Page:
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used in The Iliad by Homer - (translated by: Pope)

6 uses
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to be different, or to change
  • Homer (as has been said) is perpetually applying the sound to the sense, and varying it on every new subject.
    Preface (80% in)
  • The text varies in different editions, and is obviously disturbed and corrupt to a great degree; it is commonly said to have been a juvenile essay of Homer's genius; others have attributed it to the same Pigrees, mentioned above, and whose reputation for humour seems to have invited the appropriation of any piece of ancient wit, the author of which was uncertain; so little did the Greeks, before the age of the Ptolemies, know or care about that department of criticism employed in...
    Introduction (91% in)
  • In other cases, I believe the best rule is, to be guided by the nearness, or distance, at which the repetitions are placed in the original: when they follow too close, one may vary the expression; but it is a question, whether a professed translator be authorized to omit any: if they be tedious, the author is to answer for it.
    Preface (80% in)
  • He said: a leader's and a brother's fears Possess his soul, which thus the Spartan cheers: "Let not thy words the warmth of Greece abate; The feeble dart is guiltless of my fate: Stiff with the rich embroider'd work around, My varied belt repell'd the flying wound."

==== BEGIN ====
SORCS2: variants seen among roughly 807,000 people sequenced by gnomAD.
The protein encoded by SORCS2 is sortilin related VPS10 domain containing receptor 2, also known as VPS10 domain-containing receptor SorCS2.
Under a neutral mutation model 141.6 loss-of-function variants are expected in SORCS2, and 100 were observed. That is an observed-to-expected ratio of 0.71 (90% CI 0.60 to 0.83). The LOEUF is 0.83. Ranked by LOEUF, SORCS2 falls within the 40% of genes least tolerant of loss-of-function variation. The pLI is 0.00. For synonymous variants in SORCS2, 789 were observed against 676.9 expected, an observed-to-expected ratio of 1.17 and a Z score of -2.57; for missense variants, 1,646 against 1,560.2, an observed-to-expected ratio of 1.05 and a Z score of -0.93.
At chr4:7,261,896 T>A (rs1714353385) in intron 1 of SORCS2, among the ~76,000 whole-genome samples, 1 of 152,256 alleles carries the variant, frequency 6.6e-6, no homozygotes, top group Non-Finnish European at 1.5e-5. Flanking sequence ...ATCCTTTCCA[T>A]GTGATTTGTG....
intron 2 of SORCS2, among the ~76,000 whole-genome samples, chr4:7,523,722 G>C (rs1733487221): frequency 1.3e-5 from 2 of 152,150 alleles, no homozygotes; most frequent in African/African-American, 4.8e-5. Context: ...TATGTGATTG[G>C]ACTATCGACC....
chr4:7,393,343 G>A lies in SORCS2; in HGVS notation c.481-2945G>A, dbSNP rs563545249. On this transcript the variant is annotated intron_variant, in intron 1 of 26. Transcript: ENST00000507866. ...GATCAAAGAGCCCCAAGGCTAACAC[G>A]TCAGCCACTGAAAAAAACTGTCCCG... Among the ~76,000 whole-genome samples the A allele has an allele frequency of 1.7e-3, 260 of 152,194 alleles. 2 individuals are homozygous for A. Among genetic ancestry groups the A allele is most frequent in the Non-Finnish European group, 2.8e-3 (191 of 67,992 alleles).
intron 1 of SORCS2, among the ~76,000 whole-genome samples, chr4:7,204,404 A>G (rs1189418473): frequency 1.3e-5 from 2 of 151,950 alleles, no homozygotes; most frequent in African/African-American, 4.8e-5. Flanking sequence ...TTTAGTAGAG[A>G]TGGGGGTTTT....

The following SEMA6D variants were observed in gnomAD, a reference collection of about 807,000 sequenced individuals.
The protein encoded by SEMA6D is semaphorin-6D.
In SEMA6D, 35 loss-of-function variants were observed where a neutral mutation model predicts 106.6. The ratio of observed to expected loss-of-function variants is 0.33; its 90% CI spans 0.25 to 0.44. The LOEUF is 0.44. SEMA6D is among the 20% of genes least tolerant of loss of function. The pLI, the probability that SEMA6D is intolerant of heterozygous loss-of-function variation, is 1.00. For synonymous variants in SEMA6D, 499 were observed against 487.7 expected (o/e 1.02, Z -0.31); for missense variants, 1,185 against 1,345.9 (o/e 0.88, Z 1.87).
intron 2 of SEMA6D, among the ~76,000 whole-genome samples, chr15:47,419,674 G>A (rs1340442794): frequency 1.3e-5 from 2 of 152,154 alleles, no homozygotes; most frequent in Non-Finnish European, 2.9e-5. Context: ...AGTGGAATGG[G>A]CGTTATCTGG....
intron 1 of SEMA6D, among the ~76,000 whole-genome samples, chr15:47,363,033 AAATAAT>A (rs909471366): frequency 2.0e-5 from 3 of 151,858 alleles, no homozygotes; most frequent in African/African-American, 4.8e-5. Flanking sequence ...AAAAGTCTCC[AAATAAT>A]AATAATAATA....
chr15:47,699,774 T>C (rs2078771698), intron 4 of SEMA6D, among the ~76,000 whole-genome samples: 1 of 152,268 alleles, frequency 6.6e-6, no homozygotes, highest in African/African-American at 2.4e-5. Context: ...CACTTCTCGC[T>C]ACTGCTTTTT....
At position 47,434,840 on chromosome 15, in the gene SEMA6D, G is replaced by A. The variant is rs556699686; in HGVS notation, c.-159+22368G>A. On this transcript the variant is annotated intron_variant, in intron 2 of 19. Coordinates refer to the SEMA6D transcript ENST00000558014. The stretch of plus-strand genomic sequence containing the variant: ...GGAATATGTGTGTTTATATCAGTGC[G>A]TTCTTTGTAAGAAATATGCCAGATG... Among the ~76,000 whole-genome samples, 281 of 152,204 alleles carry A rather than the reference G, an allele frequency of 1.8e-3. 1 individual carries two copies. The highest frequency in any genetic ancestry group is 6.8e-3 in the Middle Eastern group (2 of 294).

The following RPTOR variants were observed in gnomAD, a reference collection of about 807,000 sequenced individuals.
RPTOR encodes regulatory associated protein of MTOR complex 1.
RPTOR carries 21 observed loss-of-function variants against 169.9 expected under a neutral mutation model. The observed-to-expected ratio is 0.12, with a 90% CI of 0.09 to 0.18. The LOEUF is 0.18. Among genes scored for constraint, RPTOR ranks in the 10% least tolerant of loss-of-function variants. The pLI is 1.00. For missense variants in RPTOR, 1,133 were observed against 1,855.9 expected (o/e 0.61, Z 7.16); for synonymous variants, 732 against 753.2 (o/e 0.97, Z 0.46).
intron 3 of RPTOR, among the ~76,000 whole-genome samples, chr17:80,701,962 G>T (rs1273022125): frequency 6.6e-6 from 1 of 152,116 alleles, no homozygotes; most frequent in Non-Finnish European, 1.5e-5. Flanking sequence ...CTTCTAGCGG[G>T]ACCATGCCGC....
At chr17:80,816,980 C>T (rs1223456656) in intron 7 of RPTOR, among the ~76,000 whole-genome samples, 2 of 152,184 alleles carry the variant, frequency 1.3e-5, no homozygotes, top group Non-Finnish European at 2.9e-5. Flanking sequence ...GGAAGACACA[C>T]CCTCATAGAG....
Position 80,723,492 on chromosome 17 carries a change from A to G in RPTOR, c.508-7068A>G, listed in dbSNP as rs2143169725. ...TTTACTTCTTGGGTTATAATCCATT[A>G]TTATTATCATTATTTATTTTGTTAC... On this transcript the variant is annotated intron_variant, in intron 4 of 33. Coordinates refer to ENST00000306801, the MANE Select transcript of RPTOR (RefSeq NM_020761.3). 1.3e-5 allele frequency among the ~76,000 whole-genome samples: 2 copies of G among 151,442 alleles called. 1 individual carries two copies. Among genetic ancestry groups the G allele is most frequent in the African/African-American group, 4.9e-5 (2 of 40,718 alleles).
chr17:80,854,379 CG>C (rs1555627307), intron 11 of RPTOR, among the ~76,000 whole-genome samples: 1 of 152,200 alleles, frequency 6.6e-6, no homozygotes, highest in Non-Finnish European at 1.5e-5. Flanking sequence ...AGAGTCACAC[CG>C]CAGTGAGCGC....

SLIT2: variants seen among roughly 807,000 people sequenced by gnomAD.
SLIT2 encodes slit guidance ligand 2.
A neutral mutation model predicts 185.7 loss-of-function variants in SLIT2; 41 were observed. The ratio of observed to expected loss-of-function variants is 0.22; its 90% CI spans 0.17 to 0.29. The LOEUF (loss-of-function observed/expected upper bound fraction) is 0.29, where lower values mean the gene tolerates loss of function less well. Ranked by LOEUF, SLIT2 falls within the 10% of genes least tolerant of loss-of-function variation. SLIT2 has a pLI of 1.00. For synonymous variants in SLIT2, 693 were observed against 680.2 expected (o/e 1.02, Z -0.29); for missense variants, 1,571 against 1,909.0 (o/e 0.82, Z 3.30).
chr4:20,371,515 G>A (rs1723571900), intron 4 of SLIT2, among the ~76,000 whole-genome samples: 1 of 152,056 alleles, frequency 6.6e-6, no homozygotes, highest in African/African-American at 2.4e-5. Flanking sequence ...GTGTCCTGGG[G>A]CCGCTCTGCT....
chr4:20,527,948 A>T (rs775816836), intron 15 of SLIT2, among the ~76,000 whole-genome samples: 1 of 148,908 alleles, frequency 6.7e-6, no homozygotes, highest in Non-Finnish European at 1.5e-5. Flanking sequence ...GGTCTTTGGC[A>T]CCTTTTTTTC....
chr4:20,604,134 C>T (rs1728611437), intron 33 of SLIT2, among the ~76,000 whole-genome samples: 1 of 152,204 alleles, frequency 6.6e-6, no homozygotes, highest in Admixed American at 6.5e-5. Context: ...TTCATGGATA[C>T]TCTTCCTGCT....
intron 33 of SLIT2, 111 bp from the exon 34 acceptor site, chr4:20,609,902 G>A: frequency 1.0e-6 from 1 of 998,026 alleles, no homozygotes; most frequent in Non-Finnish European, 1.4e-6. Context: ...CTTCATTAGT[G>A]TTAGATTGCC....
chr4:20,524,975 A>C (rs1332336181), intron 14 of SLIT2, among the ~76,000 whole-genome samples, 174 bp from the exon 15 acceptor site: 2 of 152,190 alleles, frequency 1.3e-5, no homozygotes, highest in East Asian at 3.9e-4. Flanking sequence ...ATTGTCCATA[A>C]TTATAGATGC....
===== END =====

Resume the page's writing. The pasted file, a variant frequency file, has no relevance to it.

Book 4 (37% in)
  • But when the powers descending swell'd the fight, Then tumult rose: fierce rage and pale affright Varied each face: then Discord sounds alarms, Earth echoes, and the nations rush to arms.
    Book 20 (13% in)
  • _ "Marking the tracts of air, the clamorous cranes Wheel their due flight in varied ranks descried: And each with outstretch'd neck his rank maintains, In marshall'd order through th' ethereal void."
    Footnotes (39% in)

There are no more uses of "vary" in The Iliad by Homer - (translated by: Pope).

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